The implementation of loot boxes remains a popular topic of discussion within the gaming community almost a year after their use began to draw controversy. The backlash, spawned from how titles like Middle Earth: Shadow of War and Star Wars Battlefront II integrated blind box systems, has led developers and publishers to use the absence of such systems in their games as a selling point. It even extended to the E3 stage, as EA DICE continued its apology tour for Battlefront II’s loot box system during EA’s presentation Saturday afternoon.
However, in an interview with Bloomberg, Nintendo of America president and COO Reggie Fils-Aimé weighed in on the loot box discussion, stating his belief that they have gotten a “bad rap.”
“Loot boxes, broadly speaking, have gotten a bit of a bad rap. The game mechanic of buying something that you’re not sure what’s inside is as old as baseball cards,” said Fils-Aimé. The comparison to physical card packs is interesting as items for Nintendo’s Pokemon Trading Card Game are mainly sold through booster packs of which customers don’t know the contents. To date, such a system hasn’t transitioned into Nintendo’s first party videogame offerings beyond the mobile market, but Fils-Aimé’s sentiments could point to loot boxes not being ruled out for future titles barring any legislative rulings against their use.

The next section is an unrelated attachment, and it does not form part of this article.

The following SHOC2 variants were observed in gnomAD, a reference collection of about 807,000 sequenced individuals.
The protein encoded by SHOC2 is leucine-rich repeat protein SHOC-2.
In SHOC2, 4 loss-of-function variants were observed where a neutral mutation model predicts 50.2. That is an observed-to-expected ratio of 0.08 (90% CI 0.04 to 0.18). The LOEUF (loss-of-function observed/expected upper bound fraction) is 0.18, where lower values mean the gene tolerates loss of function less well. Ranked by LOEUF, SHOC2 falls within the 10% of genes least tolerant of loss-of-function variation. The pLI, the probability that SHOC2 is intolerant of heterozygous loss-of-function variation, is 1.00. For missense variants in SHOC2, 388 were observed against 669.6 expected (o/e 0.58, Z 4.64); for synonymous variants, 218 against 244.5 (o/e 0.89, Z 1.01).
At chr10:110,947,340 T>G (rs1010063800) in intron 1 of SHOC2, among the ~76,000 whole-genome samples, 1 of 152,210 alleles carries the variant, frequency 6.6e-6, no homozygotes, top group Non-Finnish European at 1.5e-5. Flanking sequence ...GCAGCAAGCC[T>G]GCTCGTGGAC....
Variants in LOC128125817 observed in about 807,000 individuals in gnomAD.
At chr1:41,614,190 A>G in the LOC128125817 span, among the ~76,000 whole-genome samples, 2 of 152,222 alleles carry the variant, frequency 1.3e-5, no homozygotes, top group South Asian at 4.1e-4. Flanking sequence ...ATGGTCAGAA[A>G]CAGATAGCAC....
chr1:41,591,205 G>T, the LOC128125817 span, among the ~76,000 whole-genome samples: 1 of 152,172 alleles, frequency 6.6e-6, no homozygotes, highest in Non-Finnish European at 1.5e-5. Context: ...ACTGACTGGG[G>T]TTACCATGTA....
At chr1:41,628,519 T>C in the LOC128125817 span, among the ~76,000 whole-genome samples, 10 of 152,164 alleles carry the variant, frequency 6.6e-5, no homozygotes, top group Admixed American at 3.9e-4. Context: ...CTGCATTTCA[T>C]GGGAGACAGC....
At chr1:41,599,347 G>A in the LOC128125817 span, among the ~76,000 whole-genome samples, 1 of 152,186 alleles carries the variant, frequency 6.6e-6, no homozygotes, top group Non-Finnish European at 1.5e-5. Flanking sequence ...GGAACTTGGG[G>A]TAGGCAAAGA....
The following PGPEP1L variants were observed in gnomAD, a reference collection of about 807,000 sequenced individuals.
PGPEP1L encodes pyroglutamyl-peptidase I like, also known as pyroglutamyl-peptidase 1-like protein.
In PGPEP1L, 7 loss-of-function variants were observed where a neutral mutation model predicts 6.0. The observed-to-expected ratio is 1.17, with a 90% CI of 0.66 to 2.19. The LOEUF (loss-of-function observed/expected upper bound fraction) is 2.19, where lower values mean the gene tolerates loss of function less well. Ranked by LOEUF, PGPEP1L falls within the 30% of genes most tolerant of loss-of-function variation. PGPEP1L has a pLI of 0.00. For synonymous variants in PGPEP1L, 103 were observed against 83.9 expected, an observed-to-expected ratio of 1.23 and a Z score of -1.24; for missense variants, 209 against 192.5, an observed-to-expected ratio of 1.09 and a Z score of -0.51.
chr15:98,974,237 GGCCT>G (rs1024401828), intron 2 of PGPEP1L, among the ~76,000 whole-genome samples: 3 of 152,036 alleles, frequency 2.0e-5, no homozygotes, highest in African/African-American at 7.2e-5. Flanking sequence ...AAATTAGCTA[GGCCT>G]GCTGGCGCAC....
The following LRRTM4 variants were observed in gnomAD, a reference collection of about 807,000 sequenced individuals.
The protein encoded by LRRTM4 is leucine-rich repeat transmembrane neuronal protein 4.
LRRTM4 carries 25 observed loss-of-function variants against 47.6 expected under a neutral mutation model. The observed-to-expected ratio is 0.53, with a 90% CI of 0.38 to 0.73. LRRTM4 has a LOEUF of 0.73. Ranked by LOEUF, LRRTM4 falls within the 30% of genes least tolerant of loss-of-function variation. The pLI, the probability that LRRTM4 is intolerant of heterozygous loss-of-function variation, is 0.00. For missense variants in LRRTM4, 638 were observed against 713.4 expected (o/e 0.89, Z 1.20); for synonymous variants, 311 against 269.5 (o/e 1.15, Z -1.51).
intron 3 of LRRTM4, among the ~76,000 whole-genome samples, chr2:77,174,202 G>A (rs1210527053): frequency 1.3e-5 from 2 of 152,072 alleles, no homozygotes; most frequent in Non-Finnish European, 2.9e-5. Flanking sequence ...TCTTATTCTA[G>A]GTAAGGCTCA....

Fils-Aimé did offer some caveats to any use of loot boxes in future Nintendo titles. “What we believe at Nintendo is that a gameplay mechanic that offers the consumer something to buy that they’re not sure what’s inside can be interesting as long as that’s not the only way you can get those items … that’s where some developers have made some mistakes. For us, it’s one of many mechanics we can use to drive ongoing engagement in the game,” said Fils-Aimé.
It’s clear that the Nintendo head realizes the shortcomings and advantages of such systems, but whether the company chooses to expand its use of such mechanics and can do so while dodging the pitfalls of developers past remains to be seen.